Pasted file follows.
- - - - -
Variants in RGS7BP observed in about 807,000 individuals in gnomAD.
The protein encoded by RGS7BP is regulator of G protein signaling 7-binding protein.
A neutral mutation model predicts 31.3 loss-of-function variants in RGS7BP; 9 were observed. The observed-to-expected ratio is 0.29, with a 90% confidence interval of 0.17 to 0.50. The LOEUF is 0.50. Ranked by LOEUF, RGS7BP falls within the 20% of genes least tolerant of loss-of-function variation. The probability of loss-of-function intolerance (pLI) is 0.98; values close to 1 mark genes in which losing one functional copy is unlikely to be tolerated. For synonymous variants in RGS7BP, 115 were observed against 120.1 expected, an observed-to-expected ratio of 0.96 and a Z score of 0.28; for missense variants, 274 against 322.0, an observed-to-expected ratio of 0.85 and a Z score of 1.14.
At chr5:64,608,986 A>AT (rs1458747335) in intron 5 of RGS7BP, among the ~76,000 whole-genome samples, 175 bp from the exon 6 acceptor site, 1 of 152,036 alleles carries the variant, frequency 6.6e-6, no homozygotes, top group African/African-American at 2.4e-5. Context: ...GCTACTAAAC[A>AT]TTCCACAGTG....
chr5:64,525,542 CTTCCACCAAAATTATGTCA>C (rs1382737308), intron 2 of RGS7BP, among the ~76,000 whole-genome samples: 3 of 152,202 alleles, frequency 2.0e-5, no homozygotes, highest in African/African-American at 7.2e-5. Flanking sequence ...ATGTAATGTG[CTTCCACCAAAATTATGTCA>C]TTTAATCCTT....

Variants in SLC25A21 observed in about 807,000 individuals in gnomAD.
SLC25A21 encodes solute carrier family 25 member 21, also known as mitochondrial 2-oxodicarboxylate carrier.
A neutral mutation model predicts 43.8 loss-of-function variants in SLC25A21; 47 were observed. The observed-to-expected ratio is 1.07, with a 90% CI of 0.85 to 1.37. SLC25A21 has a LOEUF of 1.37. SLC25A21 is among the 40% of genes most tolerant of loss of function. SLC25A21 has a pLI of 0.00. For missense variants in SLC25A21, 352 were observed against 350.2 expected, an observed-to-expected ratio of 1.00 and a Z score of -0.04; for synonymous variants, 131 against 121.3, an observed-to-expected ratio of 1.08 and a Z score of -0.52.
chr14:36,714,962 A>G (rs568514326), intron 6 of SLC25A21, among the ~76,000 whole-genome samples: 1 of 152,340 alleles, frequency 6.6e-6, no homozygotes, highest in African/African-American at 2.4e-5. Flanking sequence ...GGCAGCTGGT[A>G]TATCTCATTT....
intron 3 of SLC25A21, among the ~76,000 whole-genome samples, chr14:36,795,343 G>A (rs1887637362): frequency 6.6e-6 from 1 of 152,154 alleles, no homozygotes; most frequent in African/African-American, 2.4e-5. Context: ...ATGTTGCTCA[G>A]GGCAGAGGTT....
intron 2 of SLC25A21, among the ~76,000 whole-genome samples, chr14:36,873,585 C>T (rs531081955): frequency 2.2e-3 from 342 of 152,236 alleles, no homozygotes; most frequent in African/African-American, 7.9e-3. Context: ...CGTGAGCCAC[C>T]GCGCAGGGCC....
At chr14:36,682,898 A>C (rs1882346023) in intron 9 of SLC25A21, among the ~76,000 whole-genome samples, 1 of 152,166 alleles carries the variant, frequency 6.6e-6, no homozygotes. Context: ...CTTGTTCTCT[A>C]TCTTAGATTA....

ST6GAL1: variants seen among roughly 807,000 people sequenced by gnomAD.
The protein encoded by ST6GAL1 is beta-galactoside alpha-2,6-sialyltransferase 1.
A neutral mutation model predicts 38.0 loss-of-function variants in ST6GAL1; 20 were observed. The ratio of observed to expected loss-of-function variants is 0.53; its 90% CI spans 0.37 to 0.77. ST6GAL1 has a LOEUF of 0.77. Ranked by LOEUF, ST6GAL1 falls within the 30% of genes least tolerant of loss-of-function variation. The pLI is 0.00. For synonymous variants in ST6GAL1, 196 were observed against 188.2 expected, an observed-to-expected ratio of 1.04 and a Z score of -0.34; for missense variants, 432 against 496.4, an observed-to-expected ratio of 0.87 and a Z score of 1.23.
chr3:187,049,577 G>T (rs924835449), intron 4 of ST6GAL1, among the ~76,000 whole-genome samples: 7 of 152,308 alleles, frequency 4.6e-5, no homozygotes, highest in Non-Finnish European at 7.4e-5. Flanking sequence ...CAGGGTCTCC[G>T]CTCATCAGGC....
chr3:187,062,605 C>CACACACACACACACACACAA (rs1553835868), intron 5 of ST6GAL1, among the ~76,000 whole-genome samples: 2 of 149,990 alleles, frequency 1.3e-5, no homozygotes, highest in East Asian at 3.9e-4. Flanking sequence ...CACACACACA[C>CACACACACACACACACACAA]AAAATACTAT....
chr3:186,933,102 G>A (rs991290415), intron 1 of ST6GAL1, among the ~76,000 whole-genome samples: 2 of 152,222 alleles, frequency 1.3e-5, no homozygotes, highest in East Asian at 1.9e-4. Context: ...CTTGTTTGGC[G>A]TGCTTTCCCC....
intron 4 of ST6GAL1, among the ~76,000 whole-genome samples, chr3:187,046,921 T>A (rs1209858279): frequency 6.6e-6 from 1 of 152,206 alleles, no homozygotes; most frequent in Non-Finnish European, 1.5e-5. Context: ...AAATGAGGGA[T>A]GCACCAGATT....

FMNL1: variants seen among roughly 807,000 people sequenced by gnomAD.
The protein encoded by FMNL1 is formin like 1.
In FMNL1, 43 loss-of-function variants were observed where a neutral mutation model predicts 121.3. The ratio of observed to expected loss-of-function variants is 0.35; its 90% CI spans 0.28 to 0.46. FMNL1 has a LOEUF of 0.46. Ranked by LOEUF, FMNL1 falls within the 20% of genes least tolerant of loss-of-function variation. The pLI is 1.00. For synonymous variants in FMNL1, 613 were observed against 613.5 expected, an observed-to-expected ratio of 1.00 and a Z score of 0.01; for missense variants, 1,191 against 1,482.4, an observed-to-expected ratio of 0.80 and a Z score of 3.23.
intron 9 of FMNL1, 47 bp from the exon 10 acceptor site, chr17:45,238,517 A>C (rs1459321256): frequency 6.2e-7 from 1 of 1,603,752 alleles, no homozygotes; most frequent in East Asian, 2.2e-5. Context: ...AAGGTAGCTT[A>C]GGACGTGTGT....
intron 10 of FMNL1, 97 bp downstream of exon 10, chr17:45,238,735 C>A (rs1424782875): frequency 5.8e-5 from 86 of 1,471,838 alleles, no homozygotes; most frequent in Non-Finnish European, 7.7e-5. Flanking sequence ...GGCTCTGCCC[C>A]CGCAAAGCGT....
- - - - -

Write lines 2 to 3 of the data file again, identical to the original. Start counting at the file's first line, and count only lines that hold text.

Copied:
The protein encoded by RGS7BP is regulator of G protein signaling 7-binding protein.
A neutral mutation model predicts 31.3 loss-of-function variants in RGS7BP; 9 were observed. The observed-to-expected ratio is 0.29, with a 90% confidence interval of 0.17 to 0.50. The LOEUF is 0.50. Ranked by LOEUF, RGS7BP falls within the 20% of genes least tolerant of loss-of-function variation. The probability of loss-of-function intolerance (pLI) is 0.98; values close to 1 mark genes in which losing one functional copy is unlikely to be tolerated. For synonymous variants in RGS7BP, 115 were observed against 120.1 expected, an observed-to-expected ratio of 0.96 and a Z score of 0.28; for missense variants, 274 against 322.0, an observed-to-expected ratio of 0.85 and a Z score of 1.14.